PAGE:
Car-sharing, taking the bus, cycling and walking to church are some of the ways Christians could be reducing their carbon footprints, says a new report from the Church of Scotland.
The Energy Savings Trust has been commissioned by the Kirk, Scotland's largest Presbyterian denomination.
It urges congregations to examine the environmental impact of travel patterns and proposes a groundbreaking initiative to reduce unnecessary car use by parishioners.
The report argues that reducing car travel to church could result in less congestion, improved health and wellbeing for members and reduced transport costs, as well as helping the environment.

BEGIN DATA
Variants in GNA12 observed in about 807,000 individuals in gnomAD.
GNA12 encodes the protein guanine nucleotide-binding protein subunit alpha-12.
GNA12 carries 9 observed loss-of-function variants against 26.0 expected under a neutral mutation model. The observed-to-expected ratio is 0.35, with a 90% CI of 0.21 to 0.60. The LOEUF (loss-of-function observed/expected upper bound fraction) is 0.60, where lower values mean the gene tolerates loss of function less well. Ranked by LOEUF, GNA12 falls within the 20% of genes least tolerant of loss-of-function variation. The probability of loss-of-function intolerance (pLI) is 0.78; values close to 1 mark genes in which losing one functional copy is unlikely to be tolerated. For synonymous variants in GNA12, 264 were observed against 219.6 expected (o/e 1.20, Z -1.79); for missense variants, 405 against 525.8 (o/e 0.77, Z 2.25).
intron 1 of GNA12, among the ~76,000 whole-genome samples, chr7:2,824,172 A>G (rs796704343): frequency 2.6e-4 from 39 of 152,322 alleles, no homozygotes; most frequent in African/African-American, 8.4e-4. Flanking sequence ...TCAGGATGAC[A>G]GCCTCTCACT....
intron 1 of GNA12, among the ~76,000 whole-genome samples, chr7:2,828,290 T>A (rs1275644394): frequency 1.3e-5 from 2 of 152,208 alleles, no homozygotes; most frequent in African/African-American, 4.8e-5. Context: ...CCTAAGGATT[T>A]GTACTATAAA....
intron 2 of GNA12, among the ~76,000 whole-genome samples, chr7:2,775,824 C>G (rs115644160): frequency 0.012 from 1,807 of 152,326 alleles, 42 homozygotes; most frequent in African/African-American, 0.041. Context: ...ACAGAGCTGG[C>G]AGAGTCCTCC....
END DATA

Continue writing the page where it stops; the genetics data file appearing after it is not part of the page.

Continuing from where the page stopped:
Currently, it is estimated that 27 per cent of all greenhouse gas emissions in the UK are transport related.
The report says places of worship play a very important role within local communities and often generate significant volumes of traffic.
However, it accepts that elderly members and parents with young children may have particular mobility issues, but travel plans will take into account public safety, time pressures and the availability and reliability of public transport.
A pilot project was successfully undertaken at Gilcomston South Church in Aberdeen which found that in a year, travel to church was responsible for over 40 tons of carbon dioxide emissions a year, mainly from the congregation’s cars.
The Church of Scotland has been among those backing the Eco-Congregation Scotland movement and the 2009 Kirk General Assembly agreed every church must achieve a five per cent year-on-year carbon footprint reduction.